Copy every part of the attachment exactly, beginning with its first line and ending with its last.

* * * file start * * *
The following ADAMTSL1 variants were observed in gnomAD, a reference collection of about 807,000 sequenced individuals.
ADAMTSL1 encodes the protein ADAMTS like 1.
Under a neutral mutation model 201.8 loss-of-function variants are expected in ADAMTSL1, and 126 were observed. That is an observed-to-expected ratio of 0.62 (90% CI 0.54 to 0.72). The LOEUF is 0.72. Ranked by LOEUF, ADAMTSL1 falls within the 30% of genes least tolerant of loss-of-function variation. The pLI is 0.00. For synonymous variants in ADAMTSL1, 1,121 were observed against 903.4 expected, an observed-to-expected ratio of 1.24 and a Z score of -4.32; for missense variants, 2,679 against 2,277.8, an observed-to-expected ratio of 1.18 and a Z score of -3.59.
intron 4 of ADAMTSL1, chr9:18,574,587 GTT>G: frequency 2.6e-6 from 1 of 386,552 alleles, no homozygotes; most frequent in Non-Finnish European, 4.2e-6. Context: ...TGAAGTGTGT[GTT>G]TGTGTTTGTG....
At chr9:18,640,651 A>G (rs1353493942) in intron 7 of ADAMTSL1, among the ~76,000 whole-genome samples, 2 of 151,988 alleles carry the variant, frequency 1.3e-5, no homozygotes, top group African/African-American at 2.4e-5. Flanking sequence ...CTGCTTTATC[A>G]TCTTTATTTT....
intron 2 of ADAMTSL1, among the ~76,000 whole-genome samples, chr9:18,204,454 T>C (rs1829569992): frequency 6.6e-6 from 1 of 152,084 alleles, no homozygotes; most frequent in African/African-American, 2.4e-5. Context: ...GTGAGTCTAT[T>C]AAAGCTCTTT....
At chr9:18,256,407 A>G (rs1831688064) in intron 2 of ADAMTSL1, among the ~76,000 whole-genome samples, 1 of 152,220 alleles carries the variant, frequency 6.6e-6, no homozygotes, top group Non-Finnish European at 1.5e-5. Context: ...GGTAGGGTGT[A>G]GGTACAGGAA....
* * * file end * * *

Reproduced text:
The following ADAMTSL1 variants were observed in gnomAD, a reference collection of about 807,000 sequenced individuals.
ADAMTSL1 encodes the protein ADAMTS like 1.
Under a neutral mutation model 201.8 loss-of-function variants are expected in ADAMTSL1, and 126 were observed. That is an observed-to-expected ratio of 0.62 (90% CI 0.54 to 0.72). The LOEUF is 0.72. Ranked by LOEUF, ADAMTSL1 falls within the 30% of genes least tolerant of loss-of-function variation. The pLI is 0.00. For synonymous variants in ADAMTSL1, 1,121 were observed against 903.4 expected, an observed-to-expected ratio of 1.24 and a Z score of -4.32; for missense variants, 2,679 against 2,277.8, an observed-to-expected ratio of 1.18 and a Z score of -3.59.
intron 4 of ADAMTSL1, chr9:18,574,587 GTT>G: frequency 2.6e-6 from 1 of 386,552 alleles, no homozygotes; most frequent in Non-Finnish European, 4.2e-6. Context: ...TGAAGTGTGT[GTT>G]TGTGTTTGTG....
At chr9:18,640,651 A>G (rs1353493942) in intron 7 of ADAMTSL1, among the ~76,000 whole-genome samples, 2 of 151,988 alleles carry the variant, frequency 1.3e-5, no homozygotes, top group African/African-American at 2.4e-5. Flanking sequence ...CTGCTTTATC[A>G]TCTTTATTTT....
intron 2 of ADAMTSL1, among the ~76,000 whole-genome samples, chr9:18,204,454 T>C (rs1829569992): frequency 6.6e-6 from 1 of 152,084 alleles, no homozygotes; most frequent in African/African-American, 2.4e-5. Context: ...GTGAGTCTAT[T>C]AAAGCTCTTT....
At chr9:18,256,407 A>G (rs1831688064) in intron 2 of ADAMTSL1, among the ~76,000 whole-genome samples, 1 of 152,220 alleles carries the variant, frequency 6.6e-6, no homozygotes, top group Non-Finnish European at 1.5e-5. Context: ...GGTAGGGTGT[A>G]GGTACAGGAA....